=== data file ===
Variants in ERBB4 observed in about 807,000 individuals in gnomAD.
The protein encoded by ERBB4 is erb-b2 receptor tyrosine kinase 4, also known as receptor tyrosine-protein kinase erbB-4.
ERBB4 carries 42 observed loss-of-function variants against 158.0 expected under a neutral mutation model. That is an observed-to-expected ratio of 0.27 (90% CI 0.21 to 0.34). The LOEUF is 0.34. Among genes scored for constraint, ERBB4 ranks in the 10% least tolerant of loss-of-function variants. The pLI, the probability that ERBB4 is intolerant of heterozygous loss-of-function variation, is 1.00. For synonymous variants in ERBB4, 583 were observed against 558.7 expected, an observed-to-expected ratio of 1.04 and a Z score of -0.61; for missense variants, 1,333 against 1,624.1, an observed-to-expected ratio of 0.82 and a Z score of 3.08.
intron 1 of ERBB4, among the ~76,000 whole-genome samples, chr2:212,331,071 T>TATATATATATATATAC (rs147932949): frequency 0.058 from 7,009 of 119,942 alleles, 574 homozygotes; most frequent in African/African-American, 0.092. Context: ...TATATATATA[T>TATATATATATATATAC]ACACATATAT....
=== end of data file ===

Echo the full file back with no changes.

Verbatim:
Variants in ERBB4 observed in about 807,000 individuals in gnomAD.
The protein encoded by ERBB4 is erb-b2 receptor tyrosine kinase 4, also known as receptor tyrosine-protein kinase erbB-4.
ERBB4 carries 42 observed loss-of-function variants against 158.0 expected under a neutral mutation model. That is an observed-to-expected ratio of 0.27 (90% CI 0.21 to 0.34). The LOEUF is 0.34. Among genes scored for constraint, ERBB4 ranks in the 10% least tolerant of loss-of-function variants. The pLI, the probability that ERBB4 is intolerant of heterozygous loss-of-function variation, is 1.00. For synonymous variants in ERBB4, 583 were observed against 558.7 expected, an observed-to-expected ratio of 1.04 and a Z score of -0.61; for missense variants, 1,333 against 1,624.1, an observed-to-expected ratio of 0.82 and a Z score of 3.08.
intron 1 of ERBB4, among the ~76,000 whole-genome samples, chr2:212,331,071 T>TATATATATATATATAC (rs147932949): frequency 0.058 from 7,009 of 119,942 alleles, 574 homozygotes; most frequent in African/African-American, 0.092. Context: ...TATATATATA[T>TATATATATATATATAC]ACACATATAT....